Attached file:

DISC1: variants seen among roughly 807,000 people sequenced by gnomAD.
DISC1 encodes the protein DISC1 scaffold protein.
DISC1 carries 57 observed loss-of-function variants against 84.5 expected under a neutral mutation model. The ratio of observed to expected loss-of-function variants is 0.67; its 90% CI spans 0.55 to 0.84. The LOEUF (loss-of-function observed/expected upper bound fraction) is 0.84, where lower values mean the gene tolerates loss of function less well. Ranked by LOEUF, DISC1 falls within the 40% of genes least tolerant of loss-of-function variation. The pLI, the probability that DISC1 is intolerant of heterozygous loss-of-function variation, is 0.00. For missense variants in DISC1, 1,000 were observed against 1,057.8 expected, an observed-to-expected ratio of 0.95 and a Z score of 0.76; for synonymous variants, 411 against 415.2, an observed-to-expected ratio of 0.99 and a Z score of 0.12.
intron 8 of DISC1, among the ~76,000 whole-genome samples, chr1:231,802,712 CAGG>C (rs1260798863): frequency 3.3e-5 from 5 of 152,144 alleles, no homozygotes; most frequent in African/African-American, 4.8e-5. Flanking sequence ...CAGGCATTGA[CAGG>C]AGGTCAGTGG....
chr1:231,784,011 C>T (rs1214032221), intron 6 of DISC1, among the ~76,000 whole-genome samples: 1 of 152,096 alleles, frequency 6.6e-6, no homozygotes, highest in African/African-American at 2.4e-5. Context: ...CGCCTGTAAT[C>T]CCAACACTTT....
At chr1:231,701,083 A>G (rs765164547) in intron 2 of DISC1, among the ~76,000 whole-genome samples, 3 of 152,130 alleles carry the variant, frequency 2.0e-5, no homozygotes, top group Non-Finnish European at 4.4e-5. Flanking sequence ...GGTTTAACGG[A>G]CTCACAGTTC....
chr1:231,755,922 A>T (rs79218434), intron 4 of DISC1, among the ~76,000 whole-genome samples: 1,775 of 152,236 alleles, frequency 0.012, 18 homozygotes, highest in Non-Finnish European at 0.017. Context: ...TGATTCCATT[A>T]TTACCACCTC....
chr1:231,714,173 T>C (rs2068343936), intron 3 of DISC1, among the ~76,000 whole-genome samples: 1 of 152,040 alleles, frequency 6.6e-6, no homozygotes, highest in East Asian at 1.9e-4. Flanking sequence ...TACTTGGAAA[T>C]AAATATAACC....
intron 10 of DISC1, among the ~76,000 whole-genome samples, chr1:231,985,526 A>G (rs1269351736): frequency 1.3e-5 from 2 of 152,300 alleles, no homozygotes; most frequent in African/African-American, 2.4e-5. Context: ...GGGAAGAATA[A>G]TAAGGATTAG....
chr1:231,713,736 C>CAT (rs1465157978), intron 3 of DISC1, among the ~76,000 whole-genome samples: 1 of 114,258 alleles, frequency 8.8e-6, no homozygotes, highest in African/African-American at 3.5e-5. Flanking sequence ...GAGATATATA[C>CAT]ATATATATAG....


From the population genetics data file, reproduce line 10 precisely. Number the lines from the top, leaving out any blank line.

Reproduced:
chr1:231,713,736 C>CAT (rs1465157978), intron 3 of DISC1, among the ~76,000 whole-genome samples: 1 of 114,258 alleles, frequency 8.8e-6, no homozygotes, highest in African/African-American at 3.5e-5. Flanking sequence ...GAGATATATA[C>CAT]ATATATATAG....